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#ChernobylFrogs16 Out of the Zone

Final day inside Chernobyl Exclusion Zone, processing in the lad the 26 male treefrogs collected during the previous might on the two internal control localities (areas inside The Zone, but not affected by radioactive contamination).



It was also time for my colleagues from the Belgian Nuclear Research Center, Nele Hiremans and Robin Nauts, to pack all their Arabidopsis samples and leave during the early morning. In a week, they will be flying to Fukushima, Japan, to sample Arabidopsis also there inside the area affected by the release of nuclear products from the Fukushima-Daichii Nuclear power plant after de 2011 tsunami that affected the area. Amazing work.. and amazing people!!

Luckily today, I had the help of Sergey Gaschak to process the frogs. He has been working on the Zone since the early moments after the accident, and for about 20 years he has been conducting research on the wildlife of the Chernobyl Zone. An amazing help today, and absolutely invaluable for the field work!!

With all the frogs processed by 4PM, it was time for packing the samples I will be carrying with me to Sweden (sperm, blood smears, histological samples), and organize the rest for their trip in dry shippers to Sweden and France. Time to hope for quick custom bureaucracy and lack of problems with the shipment. Fingers crossed.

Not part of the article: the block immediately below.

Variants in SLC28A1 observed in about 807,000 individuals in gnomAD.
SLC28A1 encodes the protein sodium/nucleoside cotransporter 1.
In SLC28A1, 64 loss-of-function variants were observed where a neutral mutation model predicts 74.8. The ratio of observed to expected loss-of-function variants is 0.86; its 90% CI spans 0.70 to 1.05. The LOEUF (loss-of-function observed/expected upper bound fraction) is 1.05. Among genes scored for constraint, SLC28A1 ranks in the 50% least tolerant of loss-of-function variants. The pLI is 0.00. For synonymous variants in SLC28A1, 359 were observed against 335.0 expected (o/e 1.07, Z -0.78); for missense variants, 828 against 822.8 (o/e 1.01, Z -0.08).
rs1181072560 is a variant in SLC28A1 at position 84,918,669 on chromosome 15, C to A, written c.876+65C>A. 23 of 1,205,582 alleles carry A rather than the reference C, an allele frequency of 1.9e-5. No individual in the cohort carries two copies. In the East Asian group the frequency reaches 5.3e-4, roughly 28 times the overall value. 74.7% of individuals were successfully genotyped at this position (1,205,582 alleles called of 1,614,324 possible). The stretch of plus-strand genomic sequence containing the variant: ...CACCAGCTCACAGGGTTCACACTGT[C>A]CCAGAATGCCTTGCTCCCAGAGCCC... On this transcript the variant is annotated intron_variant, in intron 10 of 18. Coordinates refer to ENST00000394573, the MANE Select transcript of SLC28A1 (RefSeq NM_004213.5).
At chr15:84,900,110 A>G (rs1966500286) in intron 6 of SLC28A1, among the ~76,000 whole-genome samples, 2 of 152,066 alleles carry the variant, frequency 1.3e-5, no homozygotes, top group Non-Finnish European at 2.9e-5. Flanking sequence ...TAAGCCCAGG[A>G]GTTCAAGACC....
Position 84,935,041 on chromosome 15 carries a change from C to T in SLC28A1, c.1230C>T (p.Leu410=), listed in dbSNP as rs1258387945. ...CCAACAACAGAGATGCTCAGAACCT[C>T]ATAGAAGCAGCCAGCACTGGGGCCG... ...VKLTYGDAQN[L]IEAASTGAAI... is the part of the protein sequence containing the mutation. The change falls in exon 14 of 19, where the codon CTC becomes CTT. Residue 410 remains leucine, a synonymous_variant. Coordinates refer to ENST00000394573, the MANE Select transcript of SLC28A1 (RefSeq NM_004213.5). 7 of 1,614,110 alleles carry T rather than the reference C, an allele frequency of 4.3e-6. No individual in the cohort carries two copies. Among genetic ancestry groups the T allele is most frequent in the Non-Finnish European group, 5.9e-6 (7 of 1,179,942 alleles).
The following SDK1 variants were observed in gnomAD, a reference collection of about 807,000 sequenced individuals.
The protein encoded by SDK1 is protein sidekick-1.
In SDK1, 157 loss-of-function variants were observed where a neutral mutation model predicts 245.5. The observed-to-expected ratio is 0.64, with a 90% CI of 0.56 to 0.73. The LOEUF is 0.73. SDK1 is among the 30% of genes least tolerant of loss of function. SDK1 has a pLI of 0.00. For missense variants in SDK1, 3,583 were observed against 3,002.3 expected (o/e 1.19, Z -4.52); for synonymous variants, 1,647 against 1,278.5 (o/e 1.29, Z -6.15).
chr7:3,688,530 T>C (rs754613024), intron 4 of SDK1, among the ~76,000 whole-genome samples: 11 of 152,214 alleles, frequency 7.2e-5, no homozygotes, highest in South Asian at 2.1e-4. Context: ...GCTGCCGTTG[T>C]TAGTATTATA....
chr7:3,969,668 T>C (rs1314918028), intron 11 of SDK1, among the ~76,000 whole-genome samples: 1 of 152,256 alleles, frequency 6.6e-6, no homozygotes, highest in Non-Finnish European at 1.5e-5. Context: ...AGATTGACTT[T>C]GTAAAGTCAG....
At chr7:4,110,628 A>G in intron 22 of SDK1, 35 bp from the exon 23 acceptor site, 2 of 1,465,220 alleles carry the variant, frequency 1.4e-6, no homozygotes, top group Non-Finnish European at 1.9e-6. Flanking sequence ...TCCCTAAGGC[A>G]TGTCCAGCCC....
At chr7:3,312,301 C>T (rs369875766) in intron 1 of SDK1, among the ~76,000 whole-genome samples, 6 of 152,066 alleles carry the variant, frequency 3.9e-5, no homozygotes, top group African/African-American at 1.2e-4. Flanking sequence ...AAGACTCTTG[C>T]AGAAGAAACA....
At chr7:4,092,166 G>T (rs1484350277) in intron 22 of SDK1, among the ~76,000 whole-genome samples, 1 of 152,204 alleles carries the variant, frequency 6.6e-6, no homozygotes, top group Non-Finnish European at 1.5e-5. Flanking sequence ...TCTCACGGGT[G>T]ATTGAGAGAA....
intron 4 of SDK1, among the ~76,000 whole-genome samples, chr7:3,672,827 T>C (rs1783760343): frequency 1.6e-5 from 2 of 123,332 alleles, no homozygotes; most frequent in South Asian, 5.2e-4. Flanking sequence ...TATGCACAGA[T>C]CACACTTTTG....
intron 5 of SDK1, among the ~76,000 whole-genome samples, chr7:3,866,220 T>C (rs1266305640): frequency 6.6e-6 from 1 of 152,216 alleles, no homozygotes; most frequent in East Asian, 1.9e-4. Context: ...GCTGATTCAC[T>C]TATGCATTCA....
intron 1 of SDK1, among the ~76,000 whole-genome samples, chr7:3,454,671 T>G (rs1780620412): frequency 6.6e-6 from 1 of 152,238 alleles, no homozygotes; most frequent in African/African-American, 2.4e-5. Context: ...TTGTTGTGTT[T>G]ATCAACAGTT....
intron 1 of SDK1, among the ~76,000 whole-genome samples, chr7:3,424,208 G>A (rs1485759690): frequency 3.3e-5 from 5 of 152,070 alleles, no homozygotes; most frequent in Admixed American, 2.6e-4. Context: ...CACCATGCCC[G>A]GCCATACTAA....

We leave the Zone, not without going through the compulsory radioactive checking at the Exclusion Zone checkpoint, both for me and the car, and for a 3 hours trip back to Kiev airport hotel (passing through crazy traffic jams at Kiev’s outskirts).

Once at the hotel, it was still time for me to fix today’s blood smears at the room. It really look weird being on the room with all the vials, slides and chemicals…

Time tomorrow to flight back to Sweden (and for a quick field trip with Faunistic students at the Uppsala University on Sunday looking at newts in old Linnaeus home downtown!!)

Total radioactivity accumulated today 2microSv, for a total during the trip of 54 microSv. Just to compare, my Belgian colleagues are allowed to have a yearly doses of 1000 microSv at year from their Research Center.

And that was all for me inside Chernobyl’s Exclusion Zone and #ChernobylFrogs16 field trip!!

I will post some recap comments on the following days. Thanks a lot for following my research dispatches from the field!!